Category : Batch File Utilities - mostly for DOS
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BAT-HINT # 4

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from the BATHINTS library... part of the BATPOWER CONFERENCE from:

THE PAINFRAME OPUS/FIDO 261/1004

Baltimore, Maryland 1-301-488-7461

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The ENVIRONMENT and its VARIABLES

No, this is not about the weather... but it is a stormy subject for many
users. DOS has a user variable area of memory called the ENVIRONMENT that
is used to store certain types of variables... environmental variables...
whose values are made available to programs. These variables include the
directory path (path variable), the command processor specification
(comspec variable) and the system prompt (prompt variable). Typing the
SET command alone will reveal the values of your current environmental
variables and will always include the COMSPEC= variable. If your prompt is
the DOS default prompt, that variable will not be displayed. The value of
the prompt environmental variable is only displayed by the SET command if
you have set the prompt to a new value.

The default capacity of the ENVIRONMENT is 160 bytes for DOS 3.X. This
capacity can be expanded throught the use of the SHELL command in the
config.sys file (see BATHINT file bh_1.doc). The capacity of the
ENVIRONMENT defines the maximum number of bytes that can be present in the
ENVIRONMENT, but DOS expands the ENVIRONMENT as necessary for holding the
values of additional ENVIRONMENTAL VARIABLES. However, this is true only
when there are no memory resident programs loaded in memory. Once a memory
resident program is loaded, DOS cannot expand the capacity of the
ENVIRONMENT beyond 128 bytes, since memory resident programs are loaded
above the memory area earmarked for the ENVIRONMENT. Therefore, using an
expanded ENVIRONMENT is essential if you are running memory resident
programs and also want to SET a long directory path or SET the value of
other custom ENVIRONMENTAL VARIABLES.

With an expanded ENVIRONMENT, many variables can be given values using the
SET command and the value of those variables can be called up for use when
needed. Why use ENVIRONMENTAL VARIABLES? Perhaps the best use of the
ENVIRONMENTAL VARIABLE is ridding your system once and for all of that
painful message... Insert disk with command.com. For hard disk users, this
is not much of a problem since command.com resides on a fixed disk. But for
floppy users... Shown below are command lines: one to be placed in the
config.sys file and the other to be placed in your autoexec.bat file:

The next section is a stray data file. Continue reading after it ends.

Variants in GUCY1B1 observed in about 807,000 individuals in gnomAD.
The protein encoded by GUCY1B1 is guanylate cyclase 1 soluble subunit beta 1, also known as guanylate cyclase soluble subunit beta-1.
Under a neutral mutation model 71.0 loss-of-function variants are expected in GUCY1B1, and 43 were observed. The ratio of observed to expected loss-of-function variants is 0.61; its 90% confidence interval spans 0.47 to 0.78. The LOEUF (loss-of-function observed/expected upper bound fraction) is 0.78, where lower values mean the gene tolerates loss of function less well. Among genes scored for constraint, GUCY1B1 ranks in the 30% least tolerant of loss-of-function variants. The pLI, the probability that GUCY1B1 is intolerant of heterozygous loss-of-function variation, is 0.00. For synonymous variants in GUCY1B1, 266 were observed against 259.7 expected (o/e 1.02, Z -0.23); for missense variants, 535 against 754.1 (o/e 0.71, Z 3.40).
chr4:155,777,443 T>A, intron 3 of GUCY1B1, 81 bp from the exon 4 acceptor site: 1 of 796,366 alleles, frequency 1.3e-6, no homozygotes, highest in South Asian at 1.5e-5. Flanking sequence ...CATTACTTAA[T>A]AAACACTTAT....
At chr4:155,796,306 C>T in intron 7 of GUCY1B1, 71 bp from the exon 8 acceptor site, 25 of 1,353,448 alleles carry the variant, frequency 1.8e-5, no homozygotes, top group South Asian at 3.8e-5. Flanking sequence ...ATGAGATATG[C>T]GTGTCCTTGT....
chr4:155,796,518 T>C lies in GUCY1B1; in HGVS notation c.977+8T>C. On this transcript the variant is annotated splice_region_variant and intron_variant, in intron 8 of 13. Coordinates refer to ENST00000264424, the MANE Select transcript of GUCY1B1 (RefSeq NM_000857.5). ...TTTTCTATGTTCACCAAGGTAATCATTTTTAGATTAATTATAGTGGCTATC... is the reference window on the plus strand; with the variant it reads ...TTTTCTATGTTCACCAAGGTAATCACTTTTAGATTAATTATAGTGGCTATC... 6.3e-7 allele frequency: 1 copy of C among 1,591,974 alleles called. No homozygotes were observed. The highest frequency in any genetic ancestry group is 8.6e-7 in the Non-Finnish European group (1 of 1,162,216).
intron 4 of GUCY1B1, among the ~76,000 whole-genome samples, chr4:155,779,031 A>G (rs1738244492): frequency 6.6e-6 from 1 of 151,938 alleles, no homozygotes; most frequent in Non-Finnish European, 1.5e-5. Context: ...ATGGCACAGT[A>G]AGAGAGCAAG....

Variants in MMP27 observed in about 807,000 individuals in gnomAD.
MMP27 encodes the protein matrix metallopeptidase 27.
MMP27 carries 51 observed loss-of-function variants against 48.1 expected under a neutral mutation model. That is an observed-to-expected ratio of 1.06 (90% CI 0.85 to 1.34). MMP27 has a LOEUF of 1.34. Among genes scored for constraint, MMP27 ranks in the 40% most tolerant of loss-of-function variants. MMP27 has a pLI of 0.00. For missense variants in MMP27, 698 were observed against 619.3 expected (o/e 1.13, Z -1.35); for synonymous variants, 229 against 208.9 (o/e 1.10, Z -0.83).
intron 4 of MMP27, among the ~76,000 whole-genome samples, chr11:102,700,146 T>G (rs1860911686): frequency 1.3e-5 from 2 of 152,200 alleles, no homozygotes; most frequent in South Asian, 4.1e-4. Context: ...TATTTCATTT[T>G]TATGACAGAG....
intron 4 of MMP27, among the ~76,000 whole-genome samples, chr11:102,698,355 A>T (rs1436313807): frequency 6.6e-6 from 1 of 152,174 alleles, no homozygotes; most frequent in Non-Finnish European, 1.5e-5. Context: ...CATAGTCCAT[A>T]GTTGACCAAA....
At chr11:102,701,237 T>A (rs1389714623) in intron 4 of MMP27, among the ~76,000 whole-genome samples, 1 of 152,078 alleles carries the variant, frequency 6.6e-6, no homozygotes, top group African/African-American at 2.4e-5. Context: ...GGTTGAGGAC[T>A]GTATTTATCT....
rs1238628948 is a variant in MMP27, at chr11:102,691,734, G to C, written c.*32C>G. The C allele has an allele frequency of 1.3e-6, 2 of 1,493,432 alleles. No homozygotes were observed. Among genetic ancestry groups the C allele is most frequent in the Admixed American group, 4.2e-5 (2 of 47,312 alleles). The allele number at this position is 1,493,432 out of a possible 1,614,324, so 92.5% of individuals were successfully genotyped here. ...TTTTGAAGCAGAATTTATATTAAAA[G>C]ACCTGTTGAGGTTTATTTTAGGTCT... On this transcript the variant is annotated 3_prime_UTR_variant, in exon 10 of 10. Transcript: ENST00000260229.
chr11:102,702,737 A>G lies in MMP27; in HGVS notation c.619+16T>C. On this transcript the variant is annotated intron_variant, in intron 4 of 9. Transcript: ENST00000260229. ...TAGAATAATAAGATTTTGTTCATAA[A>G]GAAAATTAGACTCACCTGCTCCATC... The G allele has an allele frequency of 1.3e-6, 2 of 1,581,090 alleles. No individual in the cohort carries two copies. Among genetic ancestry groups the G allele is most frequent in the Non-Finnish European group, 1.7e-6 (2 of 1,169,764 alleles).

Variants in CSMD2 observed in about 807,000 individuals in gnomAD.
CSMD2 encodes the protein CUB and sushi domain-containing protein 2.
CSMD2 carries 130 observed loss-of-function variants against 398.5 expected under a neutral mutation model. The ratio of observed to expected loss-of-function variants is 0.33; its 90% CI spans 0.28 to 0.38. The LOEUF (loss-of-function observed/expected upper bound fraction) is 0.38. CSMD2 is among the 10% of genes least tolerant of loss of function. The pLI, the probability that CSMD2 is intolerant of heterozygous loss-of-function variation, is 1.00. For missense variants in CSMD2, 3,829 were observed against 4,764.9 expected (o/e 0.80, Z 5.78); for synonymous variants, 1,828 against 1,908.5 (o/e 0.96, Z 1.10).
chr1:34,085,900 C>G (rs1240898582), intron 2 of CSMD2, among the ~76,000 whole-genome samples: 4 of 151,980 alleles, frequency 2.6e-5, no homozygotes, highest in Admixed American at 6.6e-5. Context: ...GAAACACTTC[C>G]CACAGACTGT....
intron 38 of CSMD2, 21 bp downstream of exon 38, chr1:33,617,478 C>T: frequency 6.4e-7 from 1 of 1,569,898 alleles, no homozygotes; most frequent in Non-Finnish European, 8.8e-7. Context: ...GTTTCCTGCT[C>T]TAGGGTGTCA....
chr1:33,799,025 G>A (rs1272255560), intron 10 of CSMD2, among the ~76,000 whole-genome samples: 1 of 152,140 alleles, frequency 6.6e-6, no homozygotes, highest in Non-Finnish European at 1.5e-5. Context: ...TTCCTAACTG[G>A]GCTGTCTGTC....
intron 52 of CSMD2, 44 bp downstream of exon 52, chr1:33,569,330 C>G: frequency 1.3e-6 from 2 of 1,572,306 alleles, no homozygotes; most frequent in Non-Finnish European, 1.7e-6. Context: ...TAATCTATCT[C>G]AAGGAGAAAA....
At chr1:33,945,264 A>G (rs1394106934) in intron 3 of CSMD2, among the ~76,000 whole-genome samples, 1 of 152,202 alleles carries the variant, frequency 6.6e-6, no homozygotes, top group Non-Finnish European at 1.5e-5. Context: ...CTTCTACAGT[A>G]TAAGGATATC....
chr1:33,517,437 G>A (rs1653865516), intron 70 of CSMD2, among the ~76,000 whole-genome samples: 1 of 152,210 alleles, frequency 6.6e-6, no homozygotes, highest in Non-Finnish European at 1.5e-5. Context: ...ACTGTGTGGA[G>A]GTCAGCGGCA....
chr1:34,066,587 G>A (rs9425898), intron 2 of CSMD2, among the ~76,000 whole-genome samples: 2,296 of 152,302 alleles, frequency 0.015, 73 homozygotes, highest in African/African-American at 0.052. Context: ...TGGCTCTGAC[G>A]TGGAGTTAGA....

CONFIG.SYS AUTOEXEC.BAT

shell=command.com /e:62 /p copy command.com d:\
set comspec=d:\command.com

The config.sys expands your ENVIRONMENT to the maximum 962 bytes allowable
under DOS 3.1 and the command lines in the autoexec.bat copy the command
processor to your RAM disk d: (you have one don't you?) then sets the value
of COMSPEC (the commmand processor ENVIRONMENTAL VARIABLE) to the the
command.com that was copied into the RAM disk. Now whenever a program needs
to access command.com it will always be found... in the RAM disk (until you
turn off your cpu). Place these commands near the top of your config.sys
and autoexec.bat files.

The third line in your autoexec.bat file should SET the value of the PATH
ENVIRONMENTAL VARIABLE. Either of the two command lines shown below will
SET your PATH to the indicated value:

set path=d:\;c:\bat;c:\dos;c:\util or
path=d:\;c:\bat;c:\dos;c:\util

Use of the SET command is not necessary for either the PATH or PROMPT
ENVIRONMENTAL VARIABLES.

A fantastic little program written by Frank Schweiger is ANSWER.COM. This
program and its documentation have been bundled with several other useful
programs in the BATPOWER CONFERENCE file BATPOWER.ARC. When used in a batch
file, ANSWER pauses execution of the batch file, displays an optional
message string following the ANSWER command and accepts input from the
standard device (i.e. the console...) until a carriage return is sent (ASCI
13). ANSWER then sets the value of the ANSWER ENVIRONMENTAL VARIABLE to the
input received between pausing and the carriage return. This allows the
user at the console to enter ENVIRONMENTAL VARIABLES that can be used or
tested at a later time. For example, assuming that ANSWER.COM is in the